CNPS Forums  

Go Back   CNPS Forums > CNPS Public Forums > Growing Natives Discussion Forum

Reply
 
Thread Tools Display Modes
  #1  
Old 06-20-2000, 12:33 PM
Anonymous
Guest
 
Posts: n/a
Default Flannel Bush Help

Help! I am new to natives. I have a Flannel Bush that's been in the ground for about 7 months. It's been growing like gangbustersfrom 8 inches to about 3 feet so far. It's been watered regularly at first, now every so often. I gave it a drink 2 weeks ago during a hot spellnow all the leavs are yellowing and falling off, and the whole plant has a wilted look. There are still green leaves, but it seems like it's fading fast. I live 3 miles from ocean in Topangaplant is in full sun, well drainedthe soil is currently bone dry. Another FlannelBush in partial shade is growing slower, but is perfectly healthy I didn't water this one.

Whats happening? Did I kill it, or will it make a rebound? More water? No more water?

I had 2 tree lupines show the same symptoms,and the're dead now.

Thanks!</p>
Reply With Quote
  #2  
Old 06-22-2000, 06:49 AM
Anonymous
Guest
 
Posts: n/a
Default Re: Flannel Bush Help

Following the wise advice of my ancestors, I rarely use the words 'always' or 'never'. I have often said, however, that I would never water my Fremontia Flannel bush when it is hot and sunny. Many California natives that are adapted to hot fast draining slopes as well as other plants react to hot weather by clamping closed their stomata breathing pores to stop transpiration and conserve moisture. When this happens, the roots stop taking up moisture and the water just sits at the roots, resulting in rot. The sequence of events you describe is a classic example of how natives react to summer watering. Often plants will wilt when the hot weather hits but they will perk up once the transpiration adjusts if you don't rush to water them. I hope your plant will survive. With non-natives I would suggest a light cultivating to aid in the drying of the soil; perhaps this would help with the Fremontia but I am not sure. In general, if you are trying to get a native established and need to give it some summer water, try to wait for a summer thundershower and supplement the rain with a little irrigation. This is especially true with Fremontia and other water sensitive plants such as Woolly Blue Curls or Bush Poppy.</p>
Reply With Quote
  #3  
Old 06-28-2000, 02:32 PM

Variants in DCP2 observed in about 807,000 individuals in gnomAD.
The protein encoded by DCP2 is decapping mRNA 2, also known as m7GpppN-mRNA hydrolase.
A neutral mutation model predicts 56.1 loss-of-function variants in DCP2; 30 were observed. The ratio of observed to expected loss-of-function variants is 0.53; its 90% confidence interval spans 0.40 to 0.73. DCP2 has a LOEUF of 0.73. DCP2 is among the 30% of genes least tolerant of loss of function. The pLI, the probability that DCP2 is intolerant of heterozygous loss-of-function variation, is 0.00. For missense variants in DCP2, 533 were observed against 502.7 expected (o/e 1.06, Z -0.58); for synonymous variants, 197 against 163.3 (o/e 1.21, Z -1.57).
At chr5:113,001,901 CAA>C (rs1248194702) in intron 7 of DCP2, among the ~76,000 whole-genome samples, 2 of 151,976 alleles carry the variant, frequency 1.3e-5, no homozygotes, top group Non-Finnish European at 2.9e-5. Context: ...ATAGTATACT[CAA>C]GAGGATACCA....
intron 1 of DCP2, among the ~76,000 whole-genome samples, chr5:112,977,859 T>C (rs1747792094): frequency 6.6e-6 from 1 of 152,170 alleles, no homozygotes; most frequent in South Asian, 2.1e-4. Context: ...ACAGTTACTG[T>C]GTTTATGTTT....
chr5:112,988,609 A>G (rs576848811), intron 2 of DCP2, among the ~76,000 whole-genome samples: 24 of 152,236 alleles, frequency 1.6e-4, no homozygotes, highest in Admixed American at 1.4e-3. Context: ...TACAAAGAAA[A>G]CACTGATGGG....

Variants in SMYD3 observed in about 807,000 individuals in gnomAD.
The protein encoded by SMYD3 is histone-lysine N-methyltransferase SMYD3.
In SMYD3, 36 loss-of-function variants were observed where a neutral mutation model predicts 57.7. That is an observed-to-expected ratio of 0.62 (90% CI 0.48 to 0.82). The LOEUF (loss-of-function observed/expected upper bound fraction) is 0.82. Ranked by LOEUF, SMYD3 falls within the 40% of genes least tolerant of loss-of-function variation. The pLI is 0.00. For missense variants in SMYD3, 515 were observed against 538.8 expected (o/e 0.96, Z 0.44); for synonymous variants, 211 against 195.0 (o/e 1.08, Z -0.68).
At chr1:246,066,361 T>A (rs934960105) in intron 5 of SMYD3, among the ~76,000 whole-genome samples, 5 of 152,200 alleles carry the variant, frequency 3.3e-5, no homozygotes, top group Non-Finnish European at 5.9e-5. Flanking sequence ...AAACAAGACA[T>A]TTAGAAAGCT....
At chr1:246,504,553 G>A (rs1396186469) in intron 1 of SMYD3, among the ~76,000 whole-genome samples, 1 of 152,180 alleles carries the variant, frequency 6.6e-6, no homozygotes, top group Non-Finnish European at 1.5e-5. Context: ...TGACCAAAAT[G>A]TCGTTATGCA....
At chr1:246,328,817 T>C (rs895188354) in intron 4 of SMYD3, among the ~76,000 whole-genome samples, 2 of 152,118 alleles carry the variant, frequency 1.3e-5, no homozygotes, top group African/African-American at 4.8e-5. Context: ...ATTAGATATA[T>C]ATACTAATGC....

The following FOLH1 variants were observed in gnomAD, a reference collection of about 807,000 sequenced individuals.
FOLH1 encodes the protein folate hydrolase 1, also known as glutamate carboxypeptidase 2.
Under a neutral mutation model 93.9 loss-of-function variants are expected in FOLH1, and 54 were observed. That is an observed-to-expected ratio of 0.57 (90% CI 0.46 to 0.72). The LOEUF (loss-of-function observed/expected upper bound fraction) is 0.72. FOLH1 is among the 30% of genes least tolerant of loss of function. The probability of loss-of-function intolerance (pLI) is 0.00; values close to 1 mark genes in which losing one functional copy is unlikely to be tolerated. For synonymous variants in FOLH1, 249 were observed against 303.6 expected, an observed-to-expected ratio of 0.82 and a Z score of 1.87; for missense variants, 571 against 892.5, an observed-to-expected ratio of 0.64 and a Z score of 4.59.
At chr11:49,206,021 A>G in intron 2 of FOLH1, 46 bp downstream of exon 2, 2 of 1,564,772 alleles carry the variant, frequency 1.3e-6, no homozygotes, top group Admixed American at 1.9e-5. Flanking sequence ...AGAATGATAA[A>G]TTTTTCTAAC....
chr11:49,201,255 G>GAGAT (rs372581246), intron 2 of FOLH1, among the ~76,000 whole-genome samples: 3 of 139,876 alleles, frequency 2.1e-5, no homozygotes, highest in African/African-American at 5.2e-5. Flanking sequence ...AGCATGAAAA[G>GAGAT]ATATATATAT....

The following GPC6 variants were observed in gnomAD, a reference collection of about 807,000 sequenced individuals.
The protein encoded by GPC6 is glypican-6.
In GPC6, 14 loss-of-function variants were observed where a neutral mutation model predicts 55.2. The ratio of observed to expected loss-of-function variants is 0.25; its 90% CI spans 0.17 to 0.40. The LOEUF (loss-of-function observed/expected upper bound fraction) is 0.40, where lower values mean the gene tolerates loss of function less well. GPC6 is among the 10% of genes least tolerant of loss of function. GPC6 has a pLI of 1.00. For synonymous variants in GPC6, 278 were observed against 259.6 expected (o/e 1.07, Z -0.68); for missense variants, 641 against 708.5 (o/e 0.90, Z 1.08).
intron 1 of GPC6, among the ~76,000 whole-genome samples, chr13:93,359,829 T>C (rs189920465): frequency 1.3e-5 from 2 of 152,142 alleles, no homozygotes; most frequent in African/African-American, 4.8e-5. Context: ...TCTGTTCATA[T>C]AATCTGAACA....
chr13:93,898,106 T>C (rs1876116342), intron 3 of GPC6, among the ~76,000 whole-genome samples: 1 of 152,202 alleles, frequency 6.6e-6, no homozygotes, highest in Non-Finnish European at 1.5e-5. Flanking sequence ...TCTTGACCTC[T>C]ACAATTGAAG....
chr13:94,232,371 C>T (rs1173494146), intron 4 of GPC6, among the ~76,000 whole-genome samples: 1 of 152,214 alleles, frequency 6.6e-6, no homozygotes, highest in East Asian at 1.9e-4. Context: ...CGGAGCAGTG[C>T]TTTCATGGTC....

Anonymous
Guest
 
Posts: n/a
Default Re: Flannel Bush Help

Amen to everything Patt McDaniel said about Fremontodendron and other drought-loving natives!

It is especially important to plant native dryland shrubs in the fall in Southern California. In San Mateo County, we used to plant Fremontiass, water them in, and then never water them again.

In SoCal, you might not get away with this, but if you plant in fall, then any supplemental watering you do will take place in winter, and only as a substitute for the rain that should be happening but isn't. Where you live, you might have to water Fremontia, bush lupines and other such native during their first summer. Some say every two weeks, but that seems excessive to me. I'd say err on the side of caution, and water once a month. Many of these plants should be able to do without watering by their second summer in the ground.

Also, you should avoid using overhead watering on flannel bush! If you mulch the plant, use gravel, not organic material. It is possible to have a really varied, colorful, rich looking, and even lush garden using drought-tolerant natives. However, you must treat them not like lush garden plants, but like the wild things they really are.

I hope someone with more gardening experience in SoCal will weigh in on this. Anyway, don't get discouraged! If you have done in that flannel bush, wait til November, and plant another. After all, most of us have war stories about matilleja poppies - how many we killed before one finally lived.

Cheers,

Lori</p>
Reply With Quote
Reply

Bookmarks

Thread Tools
Display Modes

Posting Rules
You may not post new threads
You may not post replies
You may not post attachments
You may not edit your posts

BB code is On
Smilies are On
[IMG] code is On
HTML code is Off

Forum Jump


All times are GMT -7. The time now is 08:45 AM.


Powered by vBulletin® Version 3.8.4
Copyright ©2000 - 2018, vBulletin Solutions, Inc.
Copyright 2005-2009, California Native Plant Society, All rights reserved.